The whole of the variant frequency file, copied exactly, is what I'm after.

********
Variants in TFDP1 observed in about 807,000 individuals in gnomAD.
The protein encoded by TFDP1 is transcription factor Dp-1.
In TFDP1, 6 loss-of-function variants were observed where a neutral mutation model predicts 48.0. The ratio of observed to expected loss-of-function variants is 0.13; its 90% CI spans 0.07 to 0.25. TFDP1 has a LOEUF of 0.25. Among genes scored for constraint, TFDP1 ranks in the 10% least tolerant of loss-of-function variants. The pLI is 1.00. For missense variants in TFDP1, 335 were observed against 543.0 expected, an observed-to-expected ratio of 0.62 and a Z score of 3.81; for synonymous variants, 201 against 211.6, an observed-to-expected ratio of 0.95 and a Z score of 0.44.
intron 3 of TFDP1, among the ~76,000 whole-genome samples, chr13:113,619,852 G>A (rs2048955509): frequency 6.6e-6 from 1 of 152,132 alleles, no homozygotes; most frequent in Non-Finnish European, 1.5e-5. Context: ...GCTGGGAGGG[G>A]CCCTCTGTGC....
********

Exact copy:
Variants in TFDP1 observed in about 807,000 individuals in gnomAD.
The protein encoded by TFDP1 is transcription factor Dp-1.
In TFDP1, 6 loss-of-function variants were observed where a neutral mutation model predicts 48.0. The ratio of observed to expected loss-of-function variants is 0.13; its 90% CI spans 0.07 to 0.25. TFDP1 has a LOEUF of 0.25. Among genes scored for constraint, TFDP1 ranks in the 10% least tolerant of loss-of-function variants. The pLI is 1.00. For missense variants in TFDP1, 335 were observed against 543.0 expected, an observed-to-expected ratio of 0.62 and a Z score of 3.81; for synonymous variants, 201 against 211.6, an observed-to-expected ratio of 0.95 and a Z score of 0.44.
intron 3 of TFDP1, among the ~76,000 whole-genome samples, chr13:113,619,852 G>A (rs2048955509): frequency 6.6e-6 from 1 of 152,132 alleles, no homozygotes; most frequent in Non-Finnish European, 1.5e-5. Context: ...GCTGGGAGGG[G>A]CCCTCTGTGC....